It’s not yet clear when stay-at-home restrictions might be lifted – they’ll vary by state. NPR maintains a handy state-by-state list of How Each State Is Responding To COVID-19 that talks about various restrictions. But one thing is clear – until there is a vaccine for the coronavirus, we won’t be going back to life as we knew it in the foreseeable future. It’s likely that restrictions on public places will be lifted gradually and that we will still be practicing advanced hygiene, and social distancing. And more and more of us will be wearing face masks or face coverings in public places to protect ourselves and others. The CDC has recommended this practice, and many communities and states are requiring them in all or some public places.
Whether they are required or not, many health experts point to the advantages in a pandemic. We know that the people can have coronavirus for a period of time before they show symptoms; in fact, the CDC says that up to 25% of people with coronavirus may not show any symptoms at all, but they can still be shedding the virus when they cough or sneeze. A face mask protects others against this. Plus, although face coverings aren’t a replacement for other protections, they offer an additional measure of safety for the wearer, particularly in places and situations where it may be difficult to maintain 6 feet of distance.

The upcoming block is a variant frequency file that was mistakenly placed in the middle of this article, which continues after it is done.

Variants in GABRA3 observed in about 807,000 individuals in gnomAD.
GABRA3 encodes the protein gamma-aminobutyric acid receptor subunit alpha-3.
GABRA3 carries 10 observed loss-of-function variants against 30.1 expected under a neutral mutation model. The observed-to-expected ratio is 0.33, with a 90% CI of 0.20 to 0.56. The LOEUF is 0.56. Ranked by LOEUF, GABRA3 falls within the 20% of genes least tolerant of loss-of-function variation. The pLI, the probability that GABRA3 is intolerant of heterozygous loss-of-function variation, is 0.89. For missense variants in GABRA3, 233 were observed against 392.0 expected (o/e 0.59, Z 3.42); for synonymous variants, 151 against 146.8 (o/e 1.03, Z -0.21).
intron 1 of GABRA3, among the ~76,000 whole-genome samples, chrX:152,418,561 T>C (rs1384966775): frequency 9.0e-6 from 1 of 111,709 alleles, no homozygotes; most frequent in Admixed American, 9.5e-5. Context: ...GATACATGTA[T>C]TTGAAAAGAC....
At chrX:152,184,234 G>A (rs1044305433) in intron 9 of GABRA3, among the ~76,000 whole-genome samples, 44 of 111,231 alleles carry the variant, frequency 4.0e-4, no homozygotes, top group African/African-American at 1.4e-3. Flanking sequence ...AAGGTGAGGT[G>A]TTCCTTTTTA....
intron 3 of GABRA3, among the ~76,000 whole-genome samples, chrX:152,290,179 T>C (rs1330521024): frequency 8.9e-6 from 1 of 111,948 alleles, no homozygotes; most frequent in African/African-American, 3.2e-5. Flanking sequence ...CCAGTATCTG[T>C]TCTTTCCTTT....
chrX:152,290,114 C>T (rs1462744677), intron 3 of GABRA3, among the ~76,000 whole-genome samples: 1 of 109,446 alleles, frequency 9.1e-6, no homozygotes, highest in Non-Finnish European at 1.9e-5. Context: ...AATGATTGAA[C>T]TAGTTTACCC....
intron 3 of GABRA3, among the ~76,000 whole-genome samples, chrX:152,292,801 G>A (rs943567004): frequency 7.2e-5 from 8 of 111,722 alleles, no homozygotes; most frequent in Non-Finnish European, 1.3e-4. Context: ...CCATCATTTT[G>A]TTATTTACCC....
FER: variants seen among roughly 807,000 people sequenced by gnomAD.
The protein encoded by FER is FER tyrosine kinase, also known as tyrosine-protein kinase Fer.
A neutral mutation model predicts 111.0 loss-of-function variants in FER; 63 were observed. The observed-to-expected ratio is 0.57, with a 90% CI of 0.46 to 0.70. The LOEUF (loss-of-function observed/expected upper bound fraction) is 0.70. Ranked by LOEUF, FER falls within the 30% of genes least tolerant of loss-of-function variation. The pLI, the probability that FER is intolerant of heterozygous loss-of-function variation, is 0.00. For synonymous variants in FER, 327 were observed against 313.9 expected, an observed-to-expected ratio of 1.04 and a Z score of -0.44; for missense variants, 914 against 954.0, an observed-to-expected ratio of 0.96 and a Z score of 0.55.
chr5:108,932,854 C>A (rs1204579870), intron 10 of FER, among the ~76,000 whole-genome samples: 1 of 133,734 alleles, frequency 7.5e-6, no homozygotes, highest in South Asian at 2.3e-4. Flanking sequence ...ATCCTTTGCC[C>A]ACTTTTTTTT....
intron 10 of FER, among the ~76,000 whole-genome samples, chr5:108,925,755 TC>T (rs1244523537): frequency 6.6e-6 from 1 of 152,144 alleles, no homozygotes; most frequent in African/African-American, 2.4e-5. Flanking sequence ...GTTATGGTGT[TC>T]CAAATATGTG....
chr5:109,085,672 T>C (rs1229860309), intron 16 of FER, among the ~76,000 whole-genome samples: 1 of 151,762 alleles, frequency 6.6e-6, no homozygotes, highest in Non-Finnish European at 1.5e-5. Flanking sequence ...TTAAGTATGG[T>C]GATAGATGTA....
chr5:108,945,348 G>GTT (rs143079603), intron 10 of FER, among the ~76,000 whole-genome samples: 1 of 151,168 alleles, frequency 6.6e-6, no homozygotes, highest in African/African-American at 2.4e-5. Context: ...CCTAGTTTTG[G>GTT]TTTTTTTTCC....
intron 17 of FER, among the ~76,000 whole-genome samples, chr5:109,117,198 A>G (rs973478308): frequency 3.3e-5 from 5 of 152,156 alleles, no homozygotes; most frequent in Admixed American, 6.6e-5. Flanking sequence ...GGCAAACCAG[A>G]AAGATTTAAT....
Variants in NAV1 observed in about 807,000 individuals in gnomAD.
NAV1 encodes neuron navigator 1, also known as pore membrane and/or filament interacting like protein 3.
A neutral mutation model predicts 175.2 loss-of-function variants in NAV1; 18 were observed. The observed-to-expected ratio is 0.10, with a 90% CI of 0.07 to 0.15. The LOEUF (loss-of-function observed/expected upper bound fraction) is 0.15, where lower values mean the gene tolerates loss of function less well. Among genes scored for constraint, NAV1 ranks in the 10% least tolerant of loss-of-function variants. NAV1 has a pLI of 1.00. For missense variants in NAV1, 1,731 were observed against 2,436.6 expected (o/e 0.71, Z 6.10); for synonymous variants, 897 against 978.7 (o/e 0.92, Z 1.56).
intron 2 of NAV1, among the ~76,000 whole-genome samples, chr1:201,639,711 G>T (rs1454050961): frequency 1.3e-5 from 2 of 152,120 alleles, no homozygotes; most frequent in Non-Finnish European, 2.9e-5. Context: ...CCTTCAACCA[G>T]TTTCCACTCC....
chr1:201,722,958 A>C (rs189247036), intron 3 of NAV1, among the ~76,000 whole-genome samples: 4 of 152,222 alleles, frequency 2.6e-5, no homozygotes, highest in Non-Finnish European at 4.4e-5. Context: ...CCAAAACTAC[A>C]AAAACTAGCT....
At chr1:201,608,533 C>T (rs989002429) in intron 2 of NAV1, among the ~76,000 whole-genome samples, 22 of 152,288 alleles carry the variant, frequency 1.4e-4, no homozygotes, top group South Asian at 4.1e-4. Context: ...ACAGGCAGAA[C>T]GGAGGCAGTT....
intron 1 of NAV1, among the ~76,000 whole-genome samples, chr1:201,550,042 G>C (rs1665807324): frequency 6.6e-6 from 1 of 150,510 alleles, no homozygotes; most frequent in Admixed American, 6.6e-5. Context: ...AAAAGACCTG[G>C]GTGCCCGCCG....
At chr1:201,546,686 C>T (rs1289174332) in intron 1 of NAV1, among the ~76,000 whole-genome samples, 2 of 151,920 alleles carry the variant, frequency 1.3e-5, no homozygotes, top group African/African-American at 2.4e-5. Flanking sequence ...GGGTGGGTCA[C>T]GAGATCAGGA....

The New York Times has a handy User’s Guide to Face Masks (They are making coronavirus-related content freely available to all). The guide has many useful tips about the various types of masks, ideas for how to make masks and where to find patterns, and a brief video of how to make an easy no-cost, no-sew reusable face mask out of an old t-shirt. They also offer tips for how to put a mask on, how take it off, and how to clean it. It pretty much covers any questions you might have and offers links to other resources.
We’ve summarized some of their best-practice mask tips as well as tips from the CDC:
Wear a mask at all times in public spaces
Unless you have a health condition requiring it, don’t use a surgical mask or PPE intended for healthcare workers
Wash your hands before putting on a face mask and after taking it off
When removing it, avoid touching the front of the mask
A mask should cover your nose and mouth, going from near the bridge of your nose to down under your chin and stretch about halfway or more toward your ears.
Avoid touching your face while you are wearing the mask
Continue maintaining 6-feet of social distancing between you and others
Wash the mask after use
Children and masks